September 10, 2016
September 10, 2016
Gennady Golovkin

Sumio Yamada

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EVERYONE agrees the world’s best middleweight is Argentina’s Sergio Martinez, who puts that status on the line on September 15 when he meets WBC champ Julio Cesar Chavez Jr.

Flying under the radar is Kazakhstan’s Gennady Golovkin, who holds the WBA title and was scheduled to box WBO counterpart Dmitry Pirog of Russia on August 25. A back injury forced Pirog out, but the plan is still for Golovkin to appear on that HBO-televised bill.

Golovkin and his team are keen for him to become better-known. Thus it was that they invited the media to meet the 2003 World Amateur champion at a breakfast held in Wolfgang Puck’s restaurant in the MGM Grand Hotel & Casino, where that night Manny Pacquiao would be fighting Tim Bradley.

On arrival, I was invited to greet the boxer, who was shaking hands with other media members and signing photographs. Gennady was very friendly, but several questions revealed that he was not quite as proficient in English as had been suggested. At times I had the feeling he was giving an answer he had prepared in advance.

My opening gambit was, “You talk good English.” Gennady’s response was to smile and say apologetically, “Not so good. Thank you. I talk Kazakh, Russian and German. I live in Germany six years now.”

His Kazakhstan homeland was once part of the old Soviet Union, and many people there are ethnically Russian. What is Gennady: Russian or Kazakh? “Both,” he smiled before adding, “You know, my wife Natalya is Russian.”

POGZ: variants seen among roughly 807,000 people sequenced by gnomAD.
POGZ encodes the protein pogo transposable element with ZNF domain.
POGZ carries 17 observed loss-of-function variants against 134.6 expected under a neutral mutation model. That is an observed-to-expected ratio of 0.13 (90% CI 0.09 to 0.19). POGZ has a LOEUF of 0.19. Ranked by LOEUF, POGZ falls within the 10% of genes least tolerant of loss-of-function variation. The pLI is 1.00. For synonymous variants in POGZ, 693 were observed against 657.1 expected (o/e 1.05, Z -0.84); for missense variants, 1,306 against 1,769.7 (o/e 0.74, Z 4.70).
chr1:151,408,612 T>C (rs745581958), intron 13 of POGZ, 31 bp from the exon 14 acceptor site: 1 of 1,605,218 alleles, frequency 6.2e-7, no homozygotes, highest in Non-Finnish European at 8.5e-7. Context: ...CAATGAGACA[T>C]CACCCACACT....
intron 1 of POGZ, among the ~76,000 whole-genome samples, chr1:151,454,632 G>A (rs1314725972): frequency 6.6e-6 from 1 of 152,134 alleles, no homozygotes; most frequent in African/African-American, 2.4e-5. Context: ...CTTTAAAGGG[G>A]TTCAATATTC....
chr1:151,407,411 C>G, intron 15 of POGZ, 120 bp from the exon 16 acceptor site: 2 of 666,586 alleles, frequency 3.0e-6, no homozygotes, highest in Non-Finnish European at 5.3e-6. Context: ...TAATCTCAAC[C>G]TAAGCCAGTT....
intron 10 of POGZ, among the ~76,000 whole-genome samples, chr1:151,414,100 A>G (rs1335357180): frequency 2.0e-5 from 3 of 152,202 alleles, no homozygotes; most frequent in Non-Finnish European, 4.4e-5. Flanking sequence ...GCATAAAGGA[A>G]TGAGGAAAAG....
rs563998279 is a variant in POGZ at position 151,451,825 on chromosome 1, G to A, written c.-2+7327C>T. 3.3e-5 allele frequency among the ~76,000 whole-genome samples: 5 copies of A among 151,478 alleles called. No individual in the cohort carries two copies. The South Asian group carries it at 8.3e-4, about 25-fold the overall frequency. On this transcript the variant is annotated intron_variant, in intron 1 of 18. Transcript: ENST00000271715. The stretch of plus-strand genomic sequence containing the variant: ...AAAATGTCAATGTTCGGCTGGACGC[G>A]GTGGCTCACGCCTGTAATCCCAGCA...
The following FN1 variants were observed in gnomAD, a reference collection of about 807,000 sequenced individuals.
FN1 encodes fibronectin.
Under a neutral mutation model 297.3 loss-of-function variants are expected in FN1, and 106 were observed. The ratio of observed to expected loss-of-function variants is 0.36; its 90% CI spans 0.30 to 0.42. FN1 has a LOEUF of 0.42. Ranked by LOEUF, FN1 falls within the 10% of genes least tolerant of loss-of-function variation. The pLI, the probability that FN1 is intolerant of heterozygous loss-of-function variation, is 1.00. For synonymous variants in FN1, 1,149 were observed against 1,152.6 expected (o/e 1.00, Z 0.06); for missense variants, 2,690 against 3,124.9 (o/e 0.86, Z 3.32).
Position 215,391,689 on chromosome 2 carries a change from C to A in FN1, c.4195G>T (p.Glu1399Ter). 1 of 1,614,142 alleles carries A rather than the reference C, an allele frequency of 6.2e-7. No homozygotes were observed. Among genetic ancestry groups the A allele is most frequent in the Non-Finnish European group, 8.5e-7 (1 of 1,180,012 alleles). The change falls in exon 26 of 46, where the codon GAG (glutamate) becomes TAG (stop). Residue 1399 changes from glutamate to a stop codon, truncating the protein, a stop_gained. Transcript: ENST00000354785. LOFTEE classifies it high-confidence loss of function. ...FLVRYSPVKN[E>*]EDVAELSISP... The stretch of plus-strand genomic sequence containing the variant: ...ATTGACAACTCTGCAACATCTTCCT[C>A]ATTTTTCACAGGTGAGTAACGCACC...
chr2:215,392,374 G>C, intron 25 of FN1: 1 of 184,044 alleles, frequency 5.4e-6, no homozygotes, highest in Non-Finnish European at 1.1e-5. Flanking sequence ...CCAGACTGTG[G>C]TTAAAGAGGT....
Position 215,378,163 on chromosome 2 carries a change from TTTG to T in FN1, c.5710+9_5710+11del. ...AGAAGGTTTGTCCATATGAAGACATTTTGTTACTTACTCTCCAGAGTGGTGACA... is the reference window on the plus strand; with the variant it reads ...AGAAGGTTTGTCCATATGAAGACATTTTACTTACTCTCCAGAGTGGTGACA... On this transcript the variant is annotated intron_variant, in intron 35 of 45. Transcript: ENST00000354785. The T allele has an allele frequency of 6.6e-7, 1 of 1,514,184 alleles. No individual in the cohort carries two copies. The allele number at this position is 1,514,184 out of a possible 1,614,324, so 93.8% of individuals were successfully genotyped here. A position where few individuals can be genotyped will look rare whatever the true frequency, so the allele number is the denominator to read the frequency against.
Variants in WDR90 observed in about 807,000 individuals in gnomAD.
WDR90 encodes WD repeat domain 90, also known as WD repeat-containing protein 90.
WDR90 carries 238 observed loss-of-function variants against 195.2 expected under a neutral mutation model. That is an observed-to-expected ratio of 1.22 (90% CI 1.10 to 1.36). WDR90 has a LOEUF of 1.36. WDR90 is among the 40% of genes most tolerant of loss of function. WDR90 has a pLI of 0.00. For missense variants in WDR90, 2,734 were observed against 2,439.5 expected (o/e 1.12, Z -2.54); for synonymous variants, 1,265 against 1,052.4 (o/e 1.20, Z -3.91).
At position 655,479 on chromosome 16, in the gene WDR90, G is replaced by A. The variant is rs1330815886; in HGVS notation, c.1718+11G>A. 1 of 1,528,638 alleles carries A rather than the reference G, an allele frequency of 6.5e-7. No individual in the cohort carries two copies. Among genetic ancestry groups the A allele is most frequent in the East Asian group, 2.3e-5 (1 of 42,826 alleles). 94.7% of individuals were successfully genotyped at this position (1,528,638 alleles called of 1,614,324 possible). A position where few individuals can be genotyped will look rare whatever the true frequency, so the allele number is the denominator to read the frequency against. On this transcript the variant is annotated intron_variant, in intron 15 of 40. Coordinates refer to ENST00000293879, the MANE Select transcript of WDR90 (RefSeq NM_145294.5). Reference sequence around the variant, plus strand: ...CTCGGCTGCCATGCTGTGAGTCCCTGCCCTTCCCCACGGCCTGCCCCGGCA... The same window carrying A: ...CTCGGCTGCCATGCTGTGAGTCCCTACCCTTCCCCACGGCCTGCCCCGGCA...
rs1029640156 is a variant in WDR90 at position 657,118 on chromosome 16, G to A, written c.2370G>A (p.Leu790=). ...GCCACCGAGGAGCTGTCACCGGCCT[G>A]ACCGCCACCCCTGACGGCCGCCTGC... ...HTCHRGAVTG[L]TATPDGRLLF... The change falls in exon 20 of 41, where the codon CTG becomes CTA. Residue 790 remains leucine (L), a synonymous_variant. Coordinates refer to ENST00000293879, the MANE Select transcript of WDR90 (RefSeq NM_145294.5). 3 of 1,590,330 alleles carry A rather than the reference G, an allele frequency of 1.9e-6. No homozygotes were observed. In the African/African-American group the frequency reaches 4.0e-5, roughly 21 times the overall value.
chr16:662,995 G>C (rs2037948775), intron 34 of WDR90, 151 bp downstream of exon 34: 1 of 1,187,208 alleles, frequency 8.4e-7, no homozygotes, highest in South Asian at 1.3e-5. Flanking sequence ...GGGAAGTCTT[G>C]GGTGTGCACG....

Pronunciation of unfamiliar monikers can always be tricky, so I asked him to say his name.

“Gennady Golovkin,” came the response. “It’s Gennady Gennadyevitch Golovkin – my father is also Gennady. This is the way in Russian. You know, like Julio Cesar Chavez Junior is son of Julio Cesar Chavez.”

Standing up close to him, the most striking thing is how small and slim Golovkin looked. As platters of food were now appearing on the nearby tables, I ventured, “You are slim and small. Are you not eating breakfast?”

He laughed the laugh of all boxers with a weight limit in mind and said, “No – I have a fight in August.”

That was it for our one-on-one. Following breakfast the journalists gathered around Gennady for a more detailed questioning.

On hand were Tom Loeffler of K2 Promotions and Abel Sanchez, who trains him up in the mountains of Big Bear, California (Sanchez also has Carson Jones, who recently met Kell Brook in Sheffield). Loeffler said he wanted Gennady to speak in English because that’s the way to improve, but often an enquiry elicited only a short response from the boxer and either Loeffler or Sanchez took over to provide more detail.

The process was frustrating – for Golovkin as much as the hacks – but some interesting material did emerge.

Was it a disappointment to be fighting Pirog and not Felix Sturm, who holds the WBA’s “Super” title at middleweight?

“Pirog is a champion of the world but I am champion of the world too,” said Golovkin. “Pirog. . . okay. He’s a champion. I like it, it’s a great fight.”

Loeffler added, “Gennady wants to fight the best, we’ve always said that. So we’re fighting Pirog. It’s on HBO and it’s in the US. We’re excited about it. It’s two of the top three middleweights in the world fighting each other.

“Gennady has been the mandatory for Sturm the last two years. The WBA let Sturm fight Sebastian Zbik instead, with the winner of that to meet the winner of Gennady against Makoto Fuchigami by September. We’re working on it.”